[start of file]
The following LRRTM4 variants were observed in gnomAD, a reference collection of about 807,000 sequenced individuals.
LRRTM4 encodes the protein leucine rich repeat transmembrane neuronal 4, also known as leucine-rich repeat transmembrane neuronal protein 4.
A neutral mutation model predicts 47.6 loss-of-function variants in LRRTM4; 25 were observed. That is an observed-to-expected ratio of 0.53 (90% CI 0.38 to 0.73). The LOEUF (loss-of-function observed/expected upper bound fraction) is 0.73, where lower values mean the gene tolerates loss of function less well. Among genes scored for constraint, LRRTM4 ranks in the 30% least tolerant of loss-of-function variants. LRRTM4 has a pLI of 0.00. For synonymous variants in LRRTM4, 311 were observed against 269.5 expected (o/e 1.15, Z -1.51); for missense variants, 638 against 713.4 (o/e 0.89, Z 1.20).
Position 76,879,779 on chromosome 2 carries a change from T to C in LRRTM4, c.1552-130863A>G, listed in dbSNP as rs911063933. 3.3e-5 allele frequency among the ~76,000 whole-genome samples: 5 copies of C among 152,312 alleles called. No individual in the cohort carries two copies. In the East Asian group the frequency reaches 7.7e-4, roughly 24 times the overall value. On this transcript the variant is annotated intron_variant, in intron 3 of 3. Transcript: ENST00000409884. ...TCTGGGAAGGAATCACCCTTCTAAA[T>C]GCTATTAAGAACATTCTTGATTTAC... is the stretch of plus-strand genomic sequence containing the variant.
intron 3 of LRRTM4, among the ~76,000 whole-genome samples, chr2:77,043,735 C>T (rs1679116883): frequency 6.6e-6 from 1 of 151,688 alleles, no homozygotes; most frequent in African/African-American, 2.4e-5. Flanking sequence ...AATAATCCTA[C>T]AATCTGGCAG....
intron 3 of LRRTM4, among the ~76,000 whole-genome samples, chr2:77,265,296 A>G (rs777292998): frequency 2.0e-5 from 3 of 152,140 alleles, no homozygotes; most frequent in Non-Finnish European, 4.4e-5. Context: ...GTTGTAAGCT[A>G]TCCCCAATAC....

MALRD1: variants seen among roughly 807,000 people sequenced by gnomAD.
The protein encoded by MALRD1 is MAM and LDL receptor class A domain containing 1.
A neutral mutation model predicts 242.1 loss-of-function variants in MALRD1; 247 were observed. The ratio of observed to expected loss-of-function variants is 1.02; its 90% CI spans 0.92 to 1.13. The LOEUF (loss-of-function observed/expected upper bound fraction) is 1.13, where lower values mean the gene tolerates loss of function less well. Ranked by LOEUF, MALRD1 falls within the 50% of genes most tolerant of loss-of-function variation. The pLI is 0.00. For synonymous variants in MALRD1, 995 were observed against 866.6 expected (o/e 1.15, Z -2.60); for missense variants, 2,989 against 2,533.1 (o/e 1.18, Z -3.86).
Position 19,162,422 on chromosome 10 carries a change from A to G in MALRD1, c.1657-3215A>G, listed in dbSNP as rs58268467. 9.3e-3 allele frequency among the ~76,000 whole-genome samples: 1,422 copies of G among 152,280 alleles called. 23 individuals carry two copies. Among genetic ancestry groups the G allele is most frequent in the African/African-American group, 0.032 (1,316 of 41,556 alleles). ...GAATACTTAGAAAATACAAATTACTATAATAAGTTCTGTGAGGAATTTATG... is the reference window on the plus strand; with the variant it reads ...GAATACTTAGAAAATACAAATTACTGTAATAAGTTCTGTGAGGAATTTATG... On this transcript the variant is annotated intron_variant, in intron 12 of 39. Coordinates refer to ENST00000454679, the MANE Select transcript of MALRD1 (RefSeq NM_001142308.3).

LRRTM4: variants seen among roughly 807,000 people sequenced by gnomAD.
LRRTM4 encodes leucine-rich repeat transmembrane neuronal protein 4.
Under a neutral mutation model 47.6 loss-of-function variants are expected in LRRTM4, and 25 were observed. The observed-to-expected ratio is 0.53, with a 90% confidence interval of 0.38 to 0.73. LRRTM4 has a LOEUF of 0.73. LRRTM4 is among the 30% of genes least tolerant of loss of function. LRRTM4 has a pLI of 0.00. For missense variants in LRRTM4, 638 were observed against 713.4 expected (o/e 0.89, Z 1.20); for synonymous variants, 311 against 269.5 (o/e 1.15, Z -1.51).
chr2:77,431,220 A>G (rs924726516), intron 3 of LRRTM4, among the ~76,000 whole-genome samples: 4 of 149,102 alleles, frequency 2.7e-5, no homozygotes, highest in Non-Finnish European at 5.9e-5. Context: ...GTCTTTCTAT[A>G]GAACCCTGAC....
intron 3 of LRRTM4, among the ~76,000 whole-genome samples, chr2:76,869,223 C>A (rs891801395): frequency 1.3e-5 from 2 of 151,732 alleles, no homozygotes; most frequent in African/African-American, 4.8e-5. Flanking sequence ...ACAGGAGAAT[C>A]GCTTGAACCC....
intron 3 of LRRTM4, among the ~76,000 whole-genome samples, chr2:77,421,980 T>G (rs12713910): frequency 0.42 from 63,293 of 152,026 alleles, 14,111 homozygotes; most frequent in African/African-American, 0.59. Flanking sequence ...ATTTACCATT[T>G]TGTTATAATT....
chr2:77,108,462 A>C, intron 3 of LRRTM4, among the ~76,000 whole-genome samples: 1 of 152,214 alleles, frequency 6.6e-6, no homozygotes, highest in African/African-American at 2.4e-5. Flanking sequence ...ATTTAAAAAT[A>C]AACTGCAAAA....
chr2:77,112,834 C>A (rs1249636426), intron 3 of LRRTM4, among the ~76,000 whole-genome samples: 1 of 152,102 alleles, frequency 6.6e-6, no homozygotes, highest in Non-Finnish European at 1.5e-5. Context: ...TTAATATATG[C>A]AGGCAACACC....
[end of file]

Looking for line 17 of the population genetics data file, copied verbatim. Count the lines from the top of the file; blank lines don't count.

chr2:77,108,462 A>C, intron 3 of LRRTM4, among the ~76,000 whole-genome samples: 1 of 152,214 alleles, frequency 6.6e-6, no homozygotes, highest in African/African-American at 2.4e-5. Flanking sequence ...ATTTAAAAAT[A>C]AACTGCAAAA....